This week, the Tigers will match up with the Cleveland Indians for a 3 game series in Detroit. Obviously the offense has struggled, but I have always been of the opinion that pitching lies at the core of any good team. With that being said, I’d like to take a look at our 3 probable starters vs. the Indians, and do a sort of scouting report/how to be successful analysis for each of them.
Tuesday: Drew Smyly
Smyly has been very impressive to this point, but has struggled a bit lately; namely with giving up the long ball. As a lefty, he features 4 pitches: Fastball, Cutter, Slider, Change. He has yet to face the Indians in his career, and combined with the fact that Cleveland is a left-handed heavy hitting team, this should work in Drew’s favor. Cleveland is a patient team, meaning that they are more than willing to take their walks and force a wild pitcher to leave balls over the plate (basically the exact opposite of the Tigers). Smyly has been very good with his command this season (save the 1st inning of his 1st start), and this bodes well against a team like the Indians. I believe that the pitch that will be most important for Smyly will be his cutter. Against left handed batters, the cutter will run away from them. Ideally, this should generate a lot of weak contact as the lefties try to pull it, as well as some swing and miss. As I said, Cleveland is a patient team, so Smyly will have to use all of his pitches in each quadrant of the strike zone to be effective. I believe that busting the hitters inside with firm fastballs at 93-94 MPH, followed by cutters on the outside corner at 89-90 MPH will be the best way to defeat the Indians. Of course, Smyly’s slider and change will both be important, but the inside 4 seamer followed by the outside cutter vs. LHH is what will lead to the most efficient success.
Wednesday: Max Scherzer
Scherzer has now put together 3 consecutive good-to-great starts, which is the most consistent I can remember him being since 2010. Obviously, consistency is key and this string of positive starts should bode well for Max. Like Smyly, Scherzer has not faced Cleveland this season, which can work in his favor. Max is a 3 pitch guy, with a fastball, slider, and change to his credit. His fastball has been explosive in his last 3 starts, ranging 94-97, touching 98 a couple times, with outstanding life at the plate. Sometimes he gets so much arm side run on his fastball that it acts like a LHP cutter. but we’ll ignore that for now. Obviously, Max will set up all of his pitches with the FB, it being his bread and butter pitch, but I believe the most important pitch for him vs. Cleveland will be his changeup. LHH as a rule like the ball down and in, where they can turn on the pitch with authority. Max’s changeup, when throw correctly, has outstanding armside fade that runs down and away from LHH. Set up the pitch with hard fastballs on the outer half with good movement, then bring the change in the same spot. If Max does this correctly, the ball will come out of his hand looking exactly like a fastball running to the outer half, but will instead begin to fade down as well as away from lefties, at about 8-10 MPH slower. This pitch could generate a lot of swing and miss from Cleveland’s LHH’s, and ideally cause some weak contact by inducing Cleveland hitters to be out in front, hitting the top of the baseball.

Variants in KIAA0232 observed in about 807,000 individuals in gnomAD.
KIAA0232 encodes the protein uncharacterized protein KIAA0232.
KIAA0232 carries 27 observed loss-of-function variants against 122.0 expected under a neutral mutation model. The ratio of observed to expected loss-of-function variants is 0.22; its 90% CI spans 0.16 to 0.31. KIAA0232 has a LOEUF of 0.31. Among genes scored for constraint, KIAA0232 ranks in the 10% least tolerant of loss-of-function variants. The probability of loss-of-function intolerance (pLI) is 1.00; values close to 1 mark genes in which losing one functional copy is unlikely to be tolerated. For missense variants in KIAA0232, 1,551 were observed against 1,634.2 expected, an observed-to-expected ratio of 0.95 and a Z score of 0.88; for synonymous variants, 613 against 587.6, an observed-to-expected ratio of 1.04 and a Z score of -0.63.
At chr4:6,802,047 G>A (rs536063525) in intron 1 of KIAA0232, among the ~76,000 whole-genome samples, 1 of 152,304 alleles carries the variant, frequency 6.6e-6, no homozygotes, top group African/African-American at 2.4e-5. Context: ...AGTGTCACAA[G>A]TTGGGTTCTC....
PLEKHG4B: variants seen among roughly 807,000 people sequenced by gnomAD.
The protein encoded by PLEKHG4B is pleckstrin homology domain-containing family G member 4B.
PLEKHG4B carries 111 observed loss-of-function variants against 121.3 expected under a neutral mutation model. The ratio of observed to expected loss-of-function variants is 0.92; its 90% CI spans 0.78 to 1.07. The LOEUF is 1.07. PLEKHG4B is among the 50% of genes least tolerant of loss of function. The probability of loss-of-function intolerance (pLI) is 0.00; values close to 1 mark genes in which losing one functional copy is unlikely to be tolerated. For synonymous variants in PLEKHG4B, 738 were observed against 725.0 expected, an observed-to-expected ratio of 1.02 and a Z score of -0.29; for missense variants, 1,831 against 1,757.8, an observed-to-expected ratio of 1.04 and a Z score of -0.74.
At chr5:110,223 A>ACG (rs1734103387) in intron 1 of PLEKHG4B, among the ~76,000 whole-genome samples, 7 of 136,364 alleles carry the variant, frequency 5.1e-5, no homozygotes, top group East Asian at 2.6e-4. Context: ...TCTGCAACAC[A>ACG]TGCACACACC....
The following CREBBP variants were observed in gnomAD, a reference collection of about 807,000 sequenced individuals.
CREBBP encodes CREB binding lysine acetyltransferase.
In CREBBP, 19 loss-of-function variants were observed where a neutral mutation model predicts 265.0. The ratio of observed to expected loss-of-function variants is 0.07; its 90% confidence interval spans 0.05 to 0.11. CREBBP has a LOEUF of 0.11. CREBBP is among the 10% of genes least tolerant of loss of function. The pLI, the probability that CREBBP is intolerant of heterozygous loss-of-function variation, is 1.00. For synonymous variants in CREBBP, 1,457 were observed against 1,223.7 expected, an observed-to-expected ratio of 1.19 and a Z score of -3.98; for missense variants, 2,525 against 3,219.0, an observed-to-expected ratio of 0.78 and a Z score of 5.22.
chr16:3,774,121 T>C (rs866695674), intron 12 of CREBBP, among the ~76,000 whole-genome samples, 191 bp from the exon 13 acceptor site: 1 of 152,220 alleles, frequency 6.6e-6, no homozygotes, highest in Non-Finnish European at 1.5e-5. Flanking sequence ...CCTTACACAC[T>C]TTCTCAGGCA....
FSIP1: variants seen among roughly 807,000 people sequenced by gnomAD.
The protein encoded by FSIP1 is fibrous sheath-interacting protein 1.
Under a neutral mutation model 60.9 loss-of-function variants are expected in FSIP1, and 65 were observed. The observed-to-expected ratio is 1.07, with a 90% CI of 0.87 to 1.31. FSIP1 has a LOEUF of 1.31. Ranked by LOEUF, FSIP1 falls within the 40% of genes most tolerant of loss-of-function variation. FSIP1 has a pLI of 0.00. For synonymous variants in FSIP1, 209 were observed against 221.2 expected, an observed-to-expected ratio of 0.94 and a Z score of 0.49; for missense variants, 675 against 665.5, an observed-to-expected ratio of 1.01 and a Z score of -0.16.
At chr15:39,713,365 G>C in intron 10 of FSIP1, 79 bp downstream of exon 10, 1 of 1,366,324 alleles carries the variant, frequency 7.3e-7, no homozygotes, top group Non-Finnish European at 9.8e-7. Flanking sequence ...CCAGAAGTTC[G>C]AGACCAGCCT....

Thursday: Casey Crosby
Crosby is the pitcher that has me worried the most, but of course, that’s not exactly an original thought. Crosby is one of my favorite Tiger prospects, but like he did vs. the Yankees, he could run into problems against a patient Cleveland team should he lose his command. What he does have working for him is being a lefty with a lightning arm vs. a left handed heavy Cleveland lineup. For me, Crosby’s fastball will be his most important pitch vs. the Indians. He throws it at around 93-95, and can go higher, but as we all know, his problem is command. He works his curve off of his fastball, and the change is more of a “show me” pitch at this point. I’d like to see Crosby “pitch backwards” against Cleveland, that is to say, set up his fastball with his curve, rather than vice-versa. If Crosby can manage to command his curve well, then he will not need plus fastball command to get outs. Start the Cleveland hitters off with curves thrown for strikes, thrown low in the zone. Once ahead in the count, change their eye levels with fastballs up (up as in chest high, not belt high). From there, he can work with either another curve down, or fastballs in. Either way, Cleveland’s hitters should be off balance in the box. Crosby really just needs to realize that he does not need to overpower everyone to be successful, which leads to overthrowing, which leads to bad command.
To recap, I believe that our pitching matchups vs. Cleveland actually work in our favor, save Crosby. Smyly and Scherzer, who both have good command, should be able to exploit Cleveland’s left-handed hitters by mixing their pitches effectively. Crosby can be successful so long as he has command. I’m not a big believer in “BIG SERIES IN JUNE” type thinking, but I do believe that for morale and momentum purposes, we need to win this series. Our pitchers can dominate any lineup on any given night, so long as they bring their A games.
Thanks for reading, and as always, feel free to comment on here with your thoughts or tweet me @B_Sakowski,